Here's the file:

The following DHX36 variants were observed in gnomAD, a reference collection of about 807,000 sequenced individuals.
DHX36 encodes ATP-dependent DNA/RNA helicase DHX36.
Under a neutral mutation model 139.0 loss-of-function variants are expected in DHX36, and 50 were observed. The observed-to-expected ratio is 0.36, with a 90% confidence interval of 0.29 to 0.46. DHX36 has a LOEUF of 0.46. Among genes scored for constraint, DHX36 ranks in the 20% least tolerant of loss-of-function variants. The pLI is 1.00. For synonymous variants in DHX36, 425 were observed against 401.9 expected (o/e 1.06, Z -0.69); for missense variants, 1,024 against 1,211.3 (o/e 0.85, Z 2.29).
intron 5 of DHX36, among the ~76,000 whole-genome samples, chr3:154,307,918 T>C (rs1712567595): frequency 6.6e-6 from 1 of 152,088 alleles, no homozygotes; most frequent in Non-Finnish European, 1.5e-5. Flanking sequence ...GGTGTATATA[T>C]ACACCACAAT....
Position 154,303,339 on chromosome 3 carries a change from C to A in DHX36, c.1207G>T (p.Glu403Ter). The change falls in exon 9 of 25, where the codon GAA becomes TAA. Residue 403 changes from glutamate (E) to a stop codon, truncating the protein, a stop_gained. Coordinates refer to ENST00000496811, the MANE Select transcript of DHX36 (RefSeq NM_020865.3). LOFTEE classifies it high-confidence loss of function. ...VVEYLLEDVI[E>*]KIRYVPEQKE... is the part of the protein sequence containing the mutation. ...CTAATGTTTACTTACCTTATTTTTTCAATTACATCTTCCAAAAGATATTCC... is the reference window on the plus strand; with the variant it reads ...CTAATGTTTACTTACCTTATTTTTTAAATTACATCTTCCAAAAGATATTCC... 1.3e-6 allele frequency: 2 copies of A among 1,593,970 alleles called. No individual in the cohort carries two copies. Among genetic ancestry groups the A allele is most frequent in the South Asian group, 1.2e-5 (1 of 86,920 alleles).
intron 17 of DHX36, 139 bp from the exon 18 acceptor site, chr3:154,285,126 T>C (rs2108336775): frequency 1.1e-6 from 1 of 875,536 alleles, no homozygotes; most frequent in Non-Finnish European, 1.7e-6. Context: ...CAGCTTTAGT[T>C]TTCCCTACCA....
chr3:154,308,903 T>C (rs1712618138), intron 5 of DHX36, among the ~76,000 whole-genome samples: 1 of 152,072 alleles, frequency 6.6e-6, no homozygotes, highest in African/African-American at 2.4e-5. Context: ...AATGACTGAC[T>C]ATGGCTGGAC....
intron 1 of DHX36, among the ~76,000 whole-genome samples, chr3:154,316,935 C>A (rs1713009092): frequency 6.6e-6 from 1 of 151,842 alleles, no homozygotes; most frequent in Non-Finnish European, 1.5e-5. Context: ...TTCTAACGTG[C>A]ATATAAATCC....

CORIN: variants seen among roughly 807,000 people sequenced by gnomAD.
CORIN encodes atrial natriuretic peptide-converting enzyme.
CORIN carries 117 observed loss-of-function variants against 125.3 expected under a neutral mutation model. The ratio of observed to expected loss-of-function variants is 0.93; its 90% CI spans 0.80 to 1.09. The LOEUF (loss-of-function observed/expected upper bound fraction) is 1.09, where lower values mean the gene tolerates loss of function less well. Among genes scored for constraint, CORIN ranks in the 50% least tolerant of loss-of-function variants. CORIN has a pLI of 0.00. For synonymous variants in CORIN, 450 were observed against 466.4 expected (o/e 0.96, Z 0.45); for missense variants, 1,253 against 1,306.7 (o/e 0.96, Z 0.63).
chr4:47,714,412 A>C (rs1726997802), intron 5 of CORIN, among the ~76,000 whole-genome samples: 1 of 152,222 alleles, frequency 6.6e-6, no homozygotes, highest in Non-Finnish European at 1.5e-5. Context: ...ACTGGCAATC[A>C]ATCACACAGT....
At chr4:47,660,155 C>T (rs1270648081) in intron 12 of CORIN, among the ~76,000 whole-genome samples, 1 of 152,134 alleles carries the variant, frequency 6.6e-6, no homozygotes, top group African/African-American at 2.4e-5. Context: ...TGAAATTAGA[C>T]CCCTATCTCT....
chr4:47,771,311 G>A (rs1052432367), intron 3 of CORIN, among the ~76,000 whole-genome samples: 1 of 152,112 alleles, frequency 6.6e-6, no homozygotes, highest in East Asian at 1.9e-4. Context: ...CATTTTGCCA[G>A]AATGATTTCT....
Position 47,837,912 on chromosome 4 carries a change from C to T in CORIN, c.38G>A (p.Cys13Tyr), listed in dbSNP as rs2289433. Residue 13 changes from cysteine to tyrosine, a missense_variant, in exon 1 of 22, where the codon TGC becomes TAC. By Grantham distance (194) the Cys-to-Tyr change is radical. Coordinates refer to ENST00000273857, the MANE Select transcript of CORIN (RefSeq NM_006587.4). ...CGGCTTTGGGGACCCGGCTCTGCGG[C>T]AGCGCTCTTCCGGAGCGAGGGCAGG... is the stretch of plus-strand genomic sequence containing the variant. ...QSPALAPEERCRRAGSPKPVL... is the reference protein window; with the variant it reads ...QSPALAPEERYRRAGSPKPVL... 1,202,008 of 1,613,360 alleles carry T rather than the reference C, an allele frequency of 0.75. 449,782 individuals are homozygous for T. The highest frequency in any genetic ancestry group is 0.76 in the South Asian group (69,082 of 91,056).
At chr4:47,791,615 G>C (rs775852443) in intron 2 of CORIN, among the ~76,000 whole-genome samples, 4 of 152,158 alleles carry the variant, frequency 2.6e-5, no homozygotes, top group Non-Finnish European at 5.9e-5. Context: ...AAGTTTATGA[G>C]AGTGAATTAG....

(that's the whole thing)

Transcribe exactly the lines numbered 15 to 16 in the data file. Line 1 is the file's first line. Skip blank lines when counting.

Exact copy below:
Position 47,837,912 on chromosome 4 carries a change from C to T in CORIN, c.38G>A (p.Cys13Tyr), listed in dbSNP as rs2289433. Residue 13 changes from cysteine to tyrosine, a missense_variant, in exon 1 of 22, where the codon TGC becomes TAC. By Grantham distance (194) the Cys-to-Tyr change is radical. Coordinates refer to ENST00000273857, the MANE Select transcript of CORIN (RefSeq NM_006587.4). ...CGGCTTTGGGGACCCGGCTCTGCGG[C>T]AGCGCTCTTCCGGAGCGAGGGCAGG... is the stretch of plus-strand genomic sequence containing the variant. ...QSPALAPEERCRRAGSPKPVL... is the reference protein window; with the variant it reads ...QSPALAPEERYRRAGSPKPVL... 1,202,008 of 1,613,360 alleles carry T rather than the reference C, an allele frequency of 0.75. 449,782 individuals are homozygous for T. The highest frequency in any genetic ancestry group is 0.76 in the South Asian group (69,082 of 91,056).
At chr4:47,791,615 G>C (rs775852443) in intron 2 of CORIN, among the ~76,000 whole-genome samples, 4 of 152,158 alleles carry the variant, frequency 2.6e-5, no homozygotes, top group Non-Finnish European at 5.9e-5. Context: ...AAGTTTATGA[G>C]AGTGAATTAG....